Age matters: vitamins for every life stage
(BPT) - It was 100 years ago, in 1912, when Polish-American scientist Casimir Funk identified the first vitamin. Now, on the 100th anniversary of the discovery of vitamins, men and women still do not get recommended daily intake levels of vitamins. According to a paper published in the American Journal of Clinical Nutrition, only 1 percent of the population meets minimum standards of a balanced diet.
Age matters when it comes to vitamins. All vitamins are essential - meaning our bodies can't make them, so they must be obtained from the diet. Throughout life, we all need the right mix of the 13 essential vitamins, but some are more important than others when it comes to different life stages.
"With a century of vitamin knowledge upon us, it's a good reminder to stay up to date on the latest vitamin recommendations," says Elizabeth Somer, registered dietitian and author of "Eat Your Way to Sexy" (Harlequin, 2012). "New vitamin research findings are continuously being uncovered around the needs of men and women during unique times in their lives."
A quick stroll through life's stages reveals:
20s: Folic acid is important for women in their 20s - a prime childbearing age - because this B vitamin is essential in preventing birth defects like spina bifida in infants. Women need at least 400mcg per day, but often don't get enough. By the time a pregnancy test comes back positive and women ponder taking a supplement, it could be too late.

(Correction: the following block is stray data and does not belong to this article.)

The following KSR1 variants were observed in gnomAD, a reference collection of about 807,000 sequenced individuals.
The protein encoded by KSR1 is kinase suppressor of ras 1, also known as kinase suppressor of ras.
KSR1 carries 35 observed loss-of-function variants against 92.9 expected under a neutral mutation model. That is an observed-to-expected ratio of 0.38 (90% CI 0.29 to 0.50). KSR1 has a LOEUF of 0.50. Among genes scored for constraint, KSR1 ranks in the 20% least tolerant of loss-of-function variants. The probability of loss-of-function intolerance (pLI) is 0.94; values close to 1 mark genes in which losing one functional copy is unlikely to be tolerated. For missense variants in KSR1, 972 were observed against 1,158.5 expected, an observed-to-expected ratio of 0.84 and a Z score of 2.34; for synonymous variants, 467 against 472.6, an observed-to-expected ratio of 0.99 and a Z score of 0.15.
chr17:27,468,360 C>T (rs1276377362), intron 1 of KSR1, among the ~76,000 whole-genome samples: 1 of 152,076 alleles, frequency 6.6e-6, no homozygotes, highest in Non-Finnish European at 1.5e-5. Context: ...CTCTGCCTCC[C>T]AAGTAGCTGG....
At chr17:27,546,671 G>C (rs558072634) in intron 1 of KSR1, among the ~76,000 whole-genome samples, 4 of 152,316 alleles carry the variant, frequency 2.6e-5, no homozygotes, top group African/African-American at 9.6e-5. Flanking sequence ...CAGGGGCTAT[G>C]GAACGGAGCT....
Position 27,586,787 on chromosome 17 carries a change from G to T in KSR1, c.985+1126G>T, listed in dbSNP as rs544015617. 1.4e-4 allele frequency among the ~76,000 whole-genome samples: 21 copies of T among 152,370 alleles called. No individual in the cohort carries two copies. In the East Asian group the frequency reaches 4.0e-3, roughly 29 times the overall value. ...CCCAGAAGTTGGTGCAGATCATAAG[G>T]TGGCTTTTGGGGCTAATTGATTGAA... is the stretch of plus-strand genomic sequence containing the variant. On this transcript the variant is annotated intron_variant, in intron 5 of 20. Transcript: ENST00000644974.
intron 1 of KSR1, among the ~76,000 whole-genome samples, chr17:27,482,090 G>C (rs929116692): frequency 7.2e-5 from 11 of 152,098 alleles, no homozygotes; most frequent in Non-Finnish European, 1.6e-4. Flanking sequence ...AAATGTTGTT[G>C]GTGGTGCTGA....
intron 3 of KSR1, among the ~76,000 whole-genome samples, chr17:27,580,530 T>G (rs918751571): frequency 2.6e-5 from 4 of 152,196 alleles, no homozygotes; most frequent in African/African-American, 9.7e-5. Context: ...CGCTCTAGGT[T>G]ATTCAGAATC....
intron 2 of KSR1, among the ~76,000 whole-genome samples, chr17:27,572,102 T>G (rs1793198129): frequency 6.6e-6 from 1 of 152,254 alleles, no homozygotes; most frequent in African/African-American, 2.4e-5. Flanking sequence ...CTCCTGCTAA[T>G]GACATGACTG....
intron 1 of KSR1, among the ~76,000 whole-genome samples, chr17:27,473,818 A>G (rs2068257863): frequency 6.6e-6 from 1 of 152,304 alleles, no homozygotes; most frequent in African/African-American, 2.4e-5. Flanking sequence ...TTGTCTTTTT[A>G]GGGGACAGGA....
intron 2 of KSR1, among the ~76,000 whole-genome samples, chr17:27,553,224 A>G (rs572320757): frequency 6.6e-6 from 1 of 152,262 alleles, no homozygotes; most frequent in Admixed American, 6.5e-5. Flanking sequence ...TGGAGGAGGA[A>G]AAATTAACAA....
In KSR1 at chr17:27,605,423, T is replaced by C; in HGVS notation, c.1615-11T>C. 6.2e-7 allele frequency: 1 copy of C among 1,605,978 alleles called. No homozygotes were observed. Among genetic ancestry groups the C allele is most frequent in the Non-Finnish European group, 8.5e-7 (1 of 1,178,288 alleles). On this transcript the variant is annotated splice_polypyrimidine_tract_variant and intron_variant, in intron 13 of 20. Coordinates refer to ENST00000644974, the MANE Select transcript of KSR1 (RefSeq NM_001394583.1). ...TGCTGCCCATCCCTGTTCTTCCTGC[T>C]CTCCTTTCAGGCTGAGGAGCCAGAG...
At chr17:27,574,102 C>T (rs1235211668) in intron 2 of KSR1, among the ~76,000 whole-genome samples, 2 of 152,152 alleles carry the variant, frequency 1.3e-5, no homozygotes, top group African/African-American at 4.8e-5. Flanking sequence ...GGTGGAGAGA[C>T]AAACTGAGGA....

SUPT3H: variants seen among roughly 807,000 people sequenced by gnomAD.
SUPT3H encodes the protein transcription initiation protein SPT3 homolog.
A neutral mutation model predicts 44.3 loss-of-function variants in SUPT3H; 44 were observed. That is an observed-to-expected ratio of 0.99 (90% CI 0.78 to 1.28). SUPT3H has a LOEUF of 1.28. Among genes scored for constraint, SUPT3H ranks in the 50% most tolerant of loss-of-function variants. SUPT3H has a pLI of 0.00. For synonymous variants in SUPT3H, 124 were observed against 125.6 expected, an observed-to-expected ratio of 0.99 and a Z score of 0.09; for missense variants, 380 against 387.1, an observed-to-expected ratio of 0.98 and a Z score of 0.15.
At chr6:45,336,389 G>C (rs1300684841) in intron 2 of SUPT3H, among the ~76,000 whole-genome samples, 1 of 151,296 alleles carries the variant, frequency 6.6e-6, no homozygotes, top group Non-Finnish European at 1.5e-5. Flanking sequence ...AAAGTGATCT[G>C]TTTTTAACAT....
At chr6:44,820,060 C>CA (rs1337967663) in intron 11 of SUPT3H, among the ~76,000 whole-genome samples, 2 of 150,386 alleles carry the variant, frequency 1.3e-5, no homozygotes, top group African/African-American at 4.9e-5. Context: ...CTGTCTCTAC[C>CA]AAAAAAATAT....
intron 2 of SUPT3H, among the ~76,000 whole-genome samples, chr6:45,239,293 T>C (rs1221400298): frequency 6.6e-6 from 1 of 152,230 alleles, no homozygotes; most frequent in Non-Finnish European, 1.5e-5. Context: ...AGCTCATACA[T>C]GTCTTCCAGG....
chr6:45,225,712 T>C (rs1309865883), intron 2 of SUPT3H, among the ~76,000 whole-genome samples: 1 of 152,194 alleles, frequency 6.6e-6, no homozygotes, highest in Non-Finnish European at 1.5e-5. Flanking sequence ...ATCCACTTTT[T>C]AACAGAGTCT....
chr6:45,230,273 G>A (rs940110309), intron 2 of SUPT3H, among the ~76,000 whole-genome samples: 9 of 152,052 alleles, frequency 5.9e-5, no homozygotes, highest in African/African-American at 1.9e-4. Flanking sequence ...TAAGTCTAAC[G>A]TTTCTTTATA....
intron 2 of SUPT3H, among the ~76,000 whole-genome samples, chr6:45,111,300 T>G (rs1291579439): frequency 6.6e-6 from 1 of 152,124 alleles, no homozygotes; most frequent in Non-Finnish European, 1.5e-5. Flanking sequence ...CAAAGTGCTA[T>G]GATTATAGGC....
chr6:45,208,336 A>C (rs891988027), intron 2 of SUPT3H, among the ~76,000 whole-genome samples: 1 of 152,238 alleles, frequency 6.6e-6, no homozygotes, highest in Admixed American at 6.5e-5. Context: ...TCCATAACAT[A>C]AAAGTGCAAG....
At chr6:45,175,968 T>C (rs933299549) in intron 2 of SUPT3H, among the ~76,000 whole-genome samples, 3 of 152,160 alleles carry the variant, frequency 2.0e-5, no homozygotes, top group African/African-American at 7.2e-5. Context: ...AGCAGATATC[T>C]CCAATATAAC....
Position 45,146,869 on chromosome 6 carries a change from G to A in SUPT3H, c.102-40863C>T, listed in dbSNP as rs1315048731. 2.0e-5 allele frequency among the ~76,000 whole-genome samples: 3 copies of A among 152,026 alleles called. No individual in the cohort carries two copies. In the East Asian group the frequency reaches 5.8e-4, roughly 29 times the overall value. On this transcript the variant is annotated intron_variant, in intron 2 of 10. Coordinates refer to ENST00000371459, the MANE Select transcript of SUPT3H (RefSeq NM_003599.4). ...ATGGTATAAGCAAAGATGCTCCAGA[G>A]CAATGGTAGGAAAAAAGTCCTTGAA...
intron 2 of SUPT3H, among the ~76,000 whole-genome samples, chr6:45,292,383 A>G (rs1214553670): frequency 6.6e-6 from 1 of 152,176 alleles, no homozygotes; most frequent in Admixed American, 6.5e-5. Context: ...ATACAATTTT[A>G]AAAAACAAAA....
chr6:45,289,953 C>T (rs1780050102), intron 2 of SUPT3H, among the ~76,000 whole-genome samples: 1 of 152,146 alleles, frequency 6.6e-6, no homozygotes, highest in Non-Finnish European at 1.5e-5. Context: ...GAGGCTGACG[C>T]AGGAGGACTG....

30s: Antioxidant vitamins, including C and E are important for men and women in their 30s because these vitamins help protect against the development of cataracts and macular degeneration. Adults with high levels of these antioxidants are at a low risk of vision loss later in life.
40s and beyond: Vitamins D and B12 are important in the 40s and well after. As we get older, we are less efficient at making vitamin D and we may be susceptible to drops in the levels of vitamin absorption. Vitamin B12 deficiencies are typically due to insufficient diet and absorption challenges.
Somer shares tips to help you get more of the essentials into your daily diet.
Tip 1: Survey what you're eating. Use a food journal to see what you need to add or remove from your diet. Make a weekly food schedule to help you meet nutritional requirements. Gain an understanding of the vitamins found in different foods - one helpful resource is the 100 Years of Vitamins website.
Tip 2: Up your fruit and vegetable intake to help add one or two extra servings of these vitamin-packed foods. Have a cup of frozen blueberries; it will give you about 25 percent of your vitamin C requirement. Eat about a half cup of baby carrots and get 120 percent of your Vitamin A requirement. Try dipping the carrots in low-fat vegetable dip or salsa for added flavor.
Tip 3: Add one or two enriched or fortified foods to your daily diet, like whole grain cereal or oatmeal fortified with vitamin D, soy milk and other soy products fortified with B12, or whole wheat tortillas - like Mission Life Balance - fortified with vitamin A.
Tip 4: Eat "real" unprocessed foods at least 75 percent of the time. You may want to add a multi-vitamin supplement to your diet to help fill in the gaps on days when you don't eat perfectly.